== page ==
Here’s what you do. First, you take stock of your refrigerator. I had leftover spaghetti sauce (homemade, thanks to my half-Italian husband), leftover salami, and some shredded “Mexican mix” cheese (there was some sort of white cheese mixed in there – close enough). Maybe you have leftover pizza dough in the freezer from the last time you made homemade pizza dough (cue laughter), or maybe your local grocery store carries fresh, pre-made pizza dough in the deli section. Trader Joe’s even sells a whole wheat version for higher achievers.

Anyway… get yourself some pizza dough and roll it into a 3/4″-thick rectangle. Spread some sauce over the top.


Add your cheese and desired toppings.

My crust is two-toned from a remnant scrap of whole wheat dough

My crust is two-toned from a remnant scrap of whole wheat dough

Then roll up like a jelly roll and cut into 1 1/2″ thick slices.


I lined my baking pan with wax paper, but the rolls stuck to the paper, so I think you’re better off greasing the pan, then sprinkling cornmeal over that to keep the rolls from sticking. Line them up with enough space to account for the rising dough, but close enough that they bake together a bit.


I baked mine at 400°F for about 40 minutes. Ovens vary (as does the patience of hungry appetites) so they’re done when they’re puffed, set, perhaps a little browned, or once your family can’t seem to wait for dinner any longer.


Gluten-free Cheese Rolls

I’m about to give you the keys to the baking kingdom. Gluten-free bread rolls with no yeast, no waiting for dough to rise, and no cooking or baking skills required? It’s possible.

Gluten-free Brazilian cheese rolls

But that’s not what this post was supposed to be about. This post was supposed to be about my triumphant (in the spiritual sense, not a presumption of victory) return to racing at the Mercer Island 10k over the weekend. It should have been a story about running a solid, though early-season race that built confidence for the races I have coming up over the next two weekends. How this 10k set me up for April 3rd’s Carlsbad 5000, a big race for which I’m traveling to California the weekend after next, and the 1500m this coming weekend, at which I’m hoping to run a decent enough time to qualify for the masters exhibition race at the Olympic Trials in July. I love a good plan and it was all coming together until I went down with a mild flu type of thing last week. And all I have from my experience on Mercer Island on Sunday was my boat-ride home, about 2 hours too early.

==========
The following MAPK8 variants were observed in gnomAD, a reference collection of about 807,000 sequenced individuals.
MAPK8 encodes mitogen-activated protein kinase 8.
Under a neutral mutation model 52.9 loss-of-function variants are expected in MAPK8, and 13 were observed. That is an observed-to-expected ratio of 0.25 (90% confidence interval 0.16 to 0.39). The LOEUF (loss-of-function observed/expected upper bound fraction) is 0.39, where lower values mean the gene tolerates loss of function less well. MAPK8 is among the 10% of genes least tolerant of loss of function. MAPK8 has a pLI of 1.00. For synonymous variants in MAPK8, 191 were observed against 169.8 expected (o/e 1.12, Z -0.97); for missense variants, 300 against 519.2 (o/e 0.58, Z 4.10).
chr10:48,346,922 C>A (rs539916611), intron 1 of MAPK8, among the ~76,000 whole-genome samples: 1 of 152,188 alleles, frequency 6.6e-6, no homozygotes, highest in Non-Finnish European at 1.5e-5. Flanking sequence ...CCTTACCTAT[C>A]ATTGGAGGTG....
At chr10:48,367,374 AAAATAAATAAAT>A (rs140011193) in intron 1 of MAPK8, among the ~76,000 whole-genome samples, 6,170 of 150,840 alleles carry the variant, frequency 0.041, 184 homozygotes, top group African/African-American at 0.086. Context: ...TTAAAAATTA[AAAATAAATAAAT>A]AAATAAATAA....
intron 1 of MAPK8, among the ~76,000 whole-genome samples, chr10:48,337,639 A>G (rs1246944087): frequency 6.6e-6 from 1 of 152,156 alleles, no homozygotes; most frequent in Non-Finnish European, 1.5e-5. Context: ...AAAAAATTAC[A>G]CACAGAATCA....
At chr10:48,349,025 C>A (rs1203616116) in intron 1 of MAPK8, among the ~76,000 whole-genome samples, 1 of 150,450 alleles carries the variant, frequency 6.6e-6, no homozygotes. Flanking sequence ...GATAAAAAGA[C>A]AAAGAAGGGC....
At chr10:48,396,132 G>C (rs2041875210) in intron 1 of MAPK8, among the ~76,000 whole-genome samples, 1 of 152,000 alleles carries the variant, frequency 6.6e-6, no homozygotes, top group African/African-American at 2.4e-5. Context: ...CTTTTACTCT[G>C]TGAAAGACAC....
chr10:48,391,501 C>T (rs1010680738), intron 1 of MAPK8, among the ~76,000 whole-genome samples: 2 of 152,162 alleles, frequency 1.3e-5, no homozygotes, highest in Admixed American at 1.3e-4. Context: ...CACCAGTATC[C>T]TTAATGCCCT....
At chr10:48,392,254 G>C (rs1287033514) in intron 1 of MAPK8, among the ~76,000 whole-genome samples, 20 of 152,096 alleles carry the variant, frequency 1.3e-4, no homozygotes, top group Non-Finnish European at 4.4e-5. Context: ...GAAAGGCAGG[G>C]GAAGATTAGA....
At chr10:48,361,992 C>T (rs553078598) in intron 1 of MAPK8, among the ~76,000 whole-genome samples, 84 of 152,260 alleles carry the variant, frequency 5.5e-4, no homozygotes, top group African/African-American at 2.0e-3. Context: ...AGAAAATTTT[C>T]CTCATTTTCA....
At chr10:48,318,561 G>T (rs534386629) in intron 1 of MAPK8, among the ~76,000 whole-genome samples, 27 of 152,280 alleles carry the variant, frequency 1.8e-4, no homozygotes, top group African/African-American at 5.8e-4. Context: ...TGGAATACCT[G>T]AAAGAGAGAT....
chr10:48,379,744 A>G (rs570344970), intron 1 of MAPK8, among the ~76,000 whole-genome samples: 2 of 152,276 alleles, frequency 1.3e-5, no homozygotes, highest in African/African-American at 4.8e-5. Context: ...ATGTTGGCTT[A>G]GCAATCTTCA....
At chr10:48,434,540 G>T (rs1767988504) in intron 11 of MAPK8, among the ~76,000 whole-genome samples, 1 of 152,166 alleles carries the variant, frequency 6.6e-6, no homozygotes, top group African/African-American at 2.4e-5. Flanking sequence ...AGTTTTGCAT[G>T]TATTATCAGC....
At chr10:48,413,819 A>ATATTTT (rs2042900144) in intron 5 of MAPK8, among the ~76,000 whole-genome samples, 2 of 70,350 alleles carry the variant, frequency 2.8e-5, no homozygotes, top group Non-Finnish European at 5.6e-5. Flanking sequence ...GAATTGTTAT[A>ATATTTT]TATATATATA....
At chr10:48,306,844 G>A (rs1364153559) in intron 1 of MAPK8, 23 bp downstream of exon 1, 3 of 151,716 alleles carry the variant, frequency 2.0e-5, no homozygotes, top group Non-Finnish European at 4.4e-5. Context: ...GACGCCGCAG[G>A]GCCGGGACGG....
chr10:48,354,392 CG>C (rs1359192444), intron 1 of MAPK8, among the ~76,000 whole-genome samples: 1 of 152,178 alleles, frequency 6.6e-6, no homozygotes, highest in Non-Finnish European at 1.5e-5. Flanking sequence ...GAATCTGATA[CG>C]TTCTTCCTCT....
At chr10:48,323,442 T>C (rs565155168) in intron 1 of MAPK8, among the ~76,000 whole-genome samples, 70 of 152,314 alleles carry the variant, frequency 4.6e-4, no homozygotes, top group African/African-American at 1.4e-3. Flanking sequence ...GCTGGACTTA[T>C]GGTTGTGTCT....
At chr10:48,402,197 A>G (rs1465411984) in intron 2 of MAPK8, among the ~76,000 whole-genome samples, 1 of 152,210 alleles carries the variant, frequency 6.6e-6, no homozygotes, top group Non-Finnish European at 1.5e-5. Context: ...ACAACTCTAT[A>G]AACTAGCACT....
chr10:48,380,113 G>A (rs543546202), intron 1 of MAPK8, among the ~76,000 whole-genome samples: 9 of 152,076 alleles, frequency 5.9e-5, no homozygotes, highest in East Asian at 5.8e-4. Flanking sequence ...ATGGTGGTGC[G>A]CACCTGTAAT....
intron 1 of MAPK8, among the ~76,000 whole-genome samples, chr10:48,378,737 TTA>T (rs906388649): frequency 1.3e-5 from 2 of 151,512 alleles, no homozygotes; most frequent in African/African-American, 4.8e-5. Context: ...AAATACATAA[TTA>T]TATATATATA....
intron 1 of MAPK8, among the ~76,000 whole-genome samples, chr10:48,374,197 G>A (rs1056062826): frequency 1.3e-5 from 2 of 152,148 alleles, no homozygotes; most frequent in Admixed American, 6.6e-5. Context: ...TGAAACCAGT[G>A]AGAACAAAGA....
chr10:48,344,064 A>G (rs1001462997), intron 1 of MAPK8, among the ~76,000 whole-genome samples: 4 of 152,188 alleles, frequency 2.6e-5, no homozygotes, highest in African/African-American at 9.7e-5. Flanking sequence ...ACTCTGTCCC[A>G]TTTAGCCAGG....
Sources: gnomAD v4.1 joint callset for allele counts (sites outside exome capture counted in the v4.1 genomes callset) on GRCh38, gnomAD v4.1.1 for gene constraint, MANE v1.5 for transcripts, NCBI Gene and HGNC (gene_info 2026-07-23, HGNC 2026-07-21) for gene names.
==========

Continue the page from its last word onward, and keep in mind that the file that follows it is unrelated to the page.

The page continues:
If we didn’t live in the rainiest part of the galaxy, it would be more obvious that this is the sunrise over downtown, as captured from the 8:45 a.m. boat back to Bainbridge.

I went over for the race, tried to warm up, and still had undeniable body aches from being sick. Thankfully it was bad enough to cause shooting pain with every step, so I didn’t have to make any sort of excruciating decision, and as it turns out, I ended up with my first DNS (did not start).

But on to happier things. This is a Brazilian cheese bread, Pão de Queijo, which is made with tapioca flour, and therefore gluten-free. There is a great explanation and recipe at The Kitchn here. I first made these last week at work and had to recreate it at home for my bread-loving children.